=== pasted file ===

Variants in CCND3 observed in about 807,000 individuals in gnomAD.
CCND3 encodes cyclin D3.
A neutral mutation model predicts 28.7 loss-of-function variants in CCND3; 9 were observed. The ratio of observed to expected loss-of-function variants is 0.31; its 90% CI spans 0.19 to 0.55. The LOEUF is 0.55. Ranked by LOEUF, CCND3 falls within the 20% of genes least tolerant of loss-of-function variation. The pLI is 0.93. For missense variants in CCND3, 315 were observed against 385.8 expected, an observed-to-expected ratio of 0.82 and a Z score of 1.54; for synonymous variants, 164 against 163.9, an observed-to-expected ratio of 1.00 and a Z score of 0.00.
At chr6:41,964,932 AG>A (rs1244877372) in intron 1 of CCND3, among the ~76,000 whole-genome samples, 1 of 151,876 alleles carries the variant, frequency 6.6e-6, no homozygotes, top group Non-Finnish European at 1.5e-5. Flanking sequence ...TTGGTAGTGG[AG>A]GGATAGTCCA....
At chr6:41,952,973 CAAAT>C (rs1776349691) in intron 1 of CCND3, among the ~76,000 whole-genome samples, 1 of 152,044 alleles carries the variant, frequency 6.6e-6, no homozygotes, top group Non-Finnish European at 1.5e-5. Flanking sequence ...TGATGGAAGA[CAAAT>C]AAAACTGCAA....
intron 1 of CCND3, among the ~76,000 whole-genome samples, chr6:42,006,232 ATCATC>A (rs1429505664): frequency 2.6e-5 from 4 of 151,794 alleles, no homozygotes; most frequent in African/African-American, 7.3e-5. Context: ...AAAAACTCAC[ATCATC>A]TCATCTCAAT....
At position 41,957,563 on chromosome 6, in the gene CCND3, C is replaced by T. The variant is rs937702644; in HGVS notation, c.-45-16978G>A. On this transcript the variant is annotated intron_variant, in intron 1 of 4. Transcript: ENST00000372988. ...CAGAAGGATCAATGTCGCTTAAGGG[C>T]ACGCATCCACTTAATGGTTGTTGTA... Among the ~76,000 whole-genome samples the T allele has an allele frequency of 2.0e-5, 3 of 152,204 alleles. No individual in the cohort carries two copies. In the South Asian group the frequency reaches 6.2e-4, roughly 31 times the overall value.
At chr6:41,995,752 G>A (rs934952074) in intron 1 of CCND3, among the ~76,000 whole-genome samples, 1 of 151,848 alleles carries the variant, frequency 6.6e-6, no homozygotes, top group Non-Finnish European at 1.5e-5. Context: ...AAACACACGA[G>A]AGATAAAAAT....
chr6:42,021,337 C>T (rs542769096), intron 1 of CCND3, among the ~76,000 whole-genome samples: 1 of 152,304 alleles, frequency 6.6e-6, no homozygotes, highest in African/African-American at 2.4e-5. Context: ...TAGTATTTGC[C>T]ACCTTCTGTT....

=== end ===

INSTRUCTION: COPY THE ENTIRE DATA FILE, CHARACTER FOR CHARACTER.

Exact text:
Variants in CCND3 observed in about 807,000 individuals in gnomAD.
CCND3 encodes cyclin D3.
A neutral mutation model predicts 28.7 loss-of-function variants in CCND3; 9 were observed. The ratio of observed to expected loss-of-function variants is 0.31; its 90% CI spans 0.19 to 0.55. The LOEUF is 0.55. Ranked by LOEUF, CCND3 falls within the 20% of genes least tolerant of loss-of-function variation. The pLI is 0.93. For missense variants in CCND3, 315 were observed against 385.8 expected, an observed-to-expected ratio of 0.82 and a Z score of 1.54; for synonymous variants, 164 against 163.9, an observed-to-expected ratio of 1.00 and a Z score of 0.00.
At chr6:41,964,932 AG>A (rs1244877372) in intron 1 of CCND3, among the ~76,000 whole-genome samples, 1 of 151,876 alleles carries the variant, frequency 6.6e-6, no homozygotes, top group Non-Finnish European at 1.5e-5. Flanking sequence ...TTGGTAGTGG[AG>A]GGATAGTCCA....
At chr6:41,952,973 CAAAT>C (rs1776349691) in intron 1 of CCND3, among the ~76,000 whole-genome samples, 1 of 152,044 alleles carries the variant, frequency 6.6e-6, no homozygotes, top group Non-Finnish European at 1.5e-5. Flanking sequence ...TGATGGAAGA[CAAAT>C]AAAACTGCAA....
intron 1 of CCND3, among the ~76,000 whole-genome samples, chr6:42,006,232 ATCATC>A (rs1429505664): frequency 2.6e-5 from 4 of 151,794 alleles, no homozygotes; most frequent in African/African-American, 7.3e-5. Context: ...AAAAACTCAC[ATCATC>A]TCATCTCAAT....
At position 41,957,563 on chromosome 6, in the gene CCND3, C is replaced by T. The variant is rs937702644; in HGVS notation, c.-45-16978G>A. On this transcript the variant is annotated intron_variant, in intron 1 of 4. Transcript: ENST00000372988. ...CAGAAGGATCAATGTCGCTTAAGGG[C>T]ACGCATCCACTTAATGGTTGTTGTA... Among the ~76,000 whole-genome samples the T allele has an allele frequency of 2.0e-5, 3 of 152,204 alleles. No individual in the cohort carries two copies. In the South Asian group the frequency reaches 6.2e-4, roughly 31 times the overall value.
At chr6:41,995,752 G>A (rs934952074) in intron 1 of CCND3, among the ~76,000 whole-genome samples, 1 of 151,848 alleles carries the variant, frequency 6.6e-6, no homozygotes, top group Non-Finnish European at 1.5e-5. Context: ...AAACACACGA[G>A]AGATAAAAAT....
chr6:42,021,337 C>T (rs542769096), intron 1 of CCND3, among the ~76,000 whole-genome samples: 1 of 152,304 alleles, frequency 6.6e-6, no homozygotes, highest in African/African-American at 2.4e-5. Context: ...TAGTATTTGC[C>T]ACCTTCTGTT....